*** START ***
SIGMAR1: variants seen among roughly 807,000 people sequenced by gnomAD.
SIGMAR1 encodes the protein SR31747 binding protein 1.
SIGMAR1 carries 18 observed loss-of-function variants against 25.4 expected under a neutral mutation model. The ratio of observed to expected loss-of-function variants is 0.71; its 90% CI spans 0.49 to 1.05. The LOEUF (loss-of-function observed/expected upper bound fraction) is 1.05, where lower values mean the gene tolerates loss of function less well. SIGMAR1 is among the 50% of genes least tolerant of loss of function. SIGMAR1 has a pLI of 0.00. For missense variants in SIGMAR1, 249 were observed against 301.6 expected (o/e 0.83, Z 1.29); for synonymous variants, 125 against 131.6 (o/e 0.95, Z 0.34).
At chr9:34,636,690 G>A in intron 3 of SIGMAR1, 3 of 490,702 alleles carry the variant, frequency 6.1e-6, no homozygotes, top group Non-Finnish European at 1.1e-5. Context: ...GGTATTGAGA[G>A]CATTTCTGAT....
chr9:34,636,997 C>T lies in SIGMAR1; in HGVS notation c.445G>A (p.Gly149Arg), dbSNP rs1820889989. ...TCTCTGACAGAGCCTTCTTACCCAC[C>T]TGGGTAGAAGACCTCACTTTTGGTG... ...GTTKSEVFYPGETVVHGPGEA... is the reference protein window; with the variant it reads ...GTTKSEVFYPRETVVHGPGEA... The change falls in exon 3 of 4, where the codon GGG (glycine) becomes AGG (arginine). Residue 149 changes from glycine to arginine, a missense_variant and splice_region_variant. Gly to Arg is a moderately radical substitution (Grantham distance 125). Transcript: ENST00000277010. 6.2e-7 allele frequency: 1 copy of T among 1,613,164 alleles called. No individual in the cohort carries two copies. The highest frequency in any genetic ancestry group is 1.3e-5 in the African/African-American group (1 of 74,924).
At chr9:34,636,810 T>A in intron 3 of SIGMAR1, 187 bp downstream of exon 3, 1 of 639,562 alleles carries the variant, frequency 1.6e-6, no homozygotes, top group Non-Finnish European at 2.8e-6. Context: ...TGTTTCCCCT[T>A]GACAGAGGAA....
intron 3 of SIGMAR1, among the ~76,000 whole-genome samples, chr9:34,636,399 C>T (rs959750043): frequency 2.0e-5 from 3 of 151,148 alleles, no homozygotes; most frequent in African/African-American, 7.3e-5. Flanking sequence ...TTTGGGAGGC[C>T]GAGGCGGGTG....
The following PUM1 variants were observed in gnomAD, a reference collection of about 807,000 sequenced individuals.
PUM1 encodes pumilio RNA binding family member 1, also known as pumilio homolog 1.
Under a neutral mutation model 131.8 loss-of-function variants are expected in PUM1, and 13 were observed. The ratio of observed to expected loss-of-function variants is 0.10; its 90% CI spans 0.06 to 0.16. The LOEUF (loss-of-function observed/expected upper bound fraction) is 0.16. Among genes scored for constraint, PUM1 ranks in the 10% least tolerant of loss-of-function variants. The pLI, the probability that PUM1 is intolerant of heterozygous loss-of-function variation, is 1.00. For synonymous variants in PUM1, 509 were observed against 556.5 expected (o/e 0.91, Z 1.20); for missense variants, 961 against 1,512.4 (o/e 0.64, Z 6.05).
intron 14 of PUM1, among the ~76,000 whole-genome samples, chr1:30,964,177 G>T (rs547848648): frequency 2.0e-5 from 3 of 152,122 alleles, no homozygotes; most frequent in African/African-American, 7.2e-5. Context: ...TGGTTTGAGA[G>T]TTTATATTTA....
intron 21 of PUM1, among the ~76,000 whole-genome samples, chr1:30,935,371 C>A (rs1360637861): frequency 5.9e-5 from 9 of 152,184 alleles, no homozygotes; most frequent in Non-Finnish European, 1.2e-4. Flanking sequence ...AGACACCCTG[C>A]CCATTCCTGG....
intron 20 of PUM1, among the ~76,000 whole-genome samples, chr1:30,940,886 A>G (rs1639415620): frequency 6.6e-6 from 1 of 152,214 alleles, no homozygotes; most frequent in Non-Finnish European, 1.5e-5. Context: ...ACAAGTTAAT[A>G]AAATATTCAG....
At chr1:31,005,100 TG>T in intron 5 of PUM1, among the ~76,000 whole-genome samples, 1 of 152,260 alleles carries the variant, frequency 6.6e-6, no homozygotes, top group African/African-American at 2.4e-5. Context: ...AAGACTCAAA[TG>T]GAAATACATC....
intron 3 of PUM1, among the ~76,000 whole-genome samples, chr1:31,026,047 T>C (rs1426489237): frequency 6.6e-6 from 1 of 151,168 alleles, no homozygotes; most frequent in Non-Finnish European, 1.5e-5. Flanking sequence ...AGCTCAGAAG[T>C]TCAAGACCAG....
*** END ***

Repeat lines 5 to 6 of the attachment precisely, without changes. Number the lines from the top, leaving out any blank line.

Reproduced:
chr9:34,636,997 C>T lies in SIGMAR1; in HGVS notation c.445G>A (p.Gly149Arg), dbSNP rs1820889989. ...TCTCTGACAGAGCCTTCTTACCCAC[C>T]TGGGTAGAAGACCTCACTTTTGGTG... ...GTTKSEVFYPGETVVHGPGEA... is the reference protein window; with the variant it reads ...GTTKSEVFYPRETVVHGPGEA... The change falls in exon 3 of 4, where the codon GGG (glycine) becomes AGG (arginine). Residue 149 changes from glycine to arginine, a missense_variant and splice_region_variant. Gly to Arg is a moderately radical substitution (Grantham distance 125). Transcript: ENST00000277010. 6.2e-7 allele frequency: 1 copy of T among 1,613,164 alleles called. No individual in the cohort carries two copies. The highest frequency in any genetic ancestry group is 1.3e-5 in the African/African-American group (1 of 74,924).
At chr9:34,636,810 T>A in intron 3 of SIGMAR1, 187 bp downstream of exon 3, 1 of 639,562 alleles carries the variant, frequency 1.6e-6, no homozygotes, top group Non-Finnish European at 2.8e-6. Context: ...TGTTTCCCCT[T>A]GACAGAGGAA....